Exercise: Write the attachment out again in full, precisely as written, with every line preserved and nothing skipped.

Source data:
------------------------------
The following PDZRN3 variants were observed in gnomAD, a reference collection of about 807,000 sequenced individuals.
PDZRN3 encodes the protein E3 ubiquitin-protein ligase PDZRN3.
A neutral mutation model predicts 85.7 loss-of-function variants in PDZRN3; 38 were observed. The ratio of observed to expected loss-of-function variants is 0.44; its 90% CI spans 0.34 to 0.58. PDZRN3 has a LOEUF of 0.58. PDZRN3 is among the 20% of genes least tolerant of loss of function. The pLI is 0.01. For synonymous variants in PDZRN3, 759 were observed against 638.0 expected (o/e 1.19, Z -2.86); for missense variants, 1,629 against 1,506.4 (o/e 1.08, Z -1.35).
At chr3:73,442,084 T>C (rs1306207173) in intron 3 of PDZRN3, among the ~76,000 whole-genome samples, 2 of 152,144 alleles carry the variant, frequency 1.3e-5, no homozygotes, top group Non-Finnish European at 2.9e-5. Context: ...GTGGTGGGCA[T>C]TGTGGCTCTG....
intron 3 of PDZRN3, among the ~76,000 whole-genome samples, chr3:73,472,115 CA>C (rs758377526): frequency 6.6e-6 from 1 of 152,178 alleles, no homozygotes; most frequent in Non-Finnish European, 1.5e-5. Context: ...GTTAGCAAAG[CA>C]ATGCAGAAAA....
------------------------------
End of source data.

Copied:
The following PDZRN3 variants were observed in gnomAD, a reference collection of about 807,000 sequenced individuals.
PDZRN3 encodes the protein E3 ubiquitin-protein ligase PDZRN3.
A neutral mutation model predicts 85.7 loss-of-function variants in PDZRN3; 38 were observed. The ratio of observed to expected loss-of-function variants is 0.44; its 90% CI spans 0.34 to 0.58. PDZRN3 has a LOEUF of 0.58. PDZRN3 is among the 20% of genes least tolerant of loss of function. The pLI is 0.01. For synonymous variants in PDZRN3, 759 were observed against 638.0 expected (o/e 1.19, Z -2.86); for missense variants, 1,629 against 1,506.4 (o/e 1.08, Z -1.35).
At chr3:73,442,084 T>C (rs1306207173) in intron 3 of PDZRN3, among the ~76,000 whole-genome samples, 2 of 152,144 alleles carry the variant, frequency 1.3e-5, no homozygotes, top group Non-Finnish European at 2.9e-5. Context: ...GTGGTGGGCA[T>C]TGTGGCTCTG....
intron 3 of PDZRN3, among the ~76,000 whole-genome samples, chr3:73,472,115 CA>C (rs758377526): frequency 6.6e-6 from 1 of 152,178 alleles, no homozygotes; most frequent in Non-Finnish European, 1.5e-5. Context: ...GTTAGCAAAG[CA>C]ATGCAGAAAA....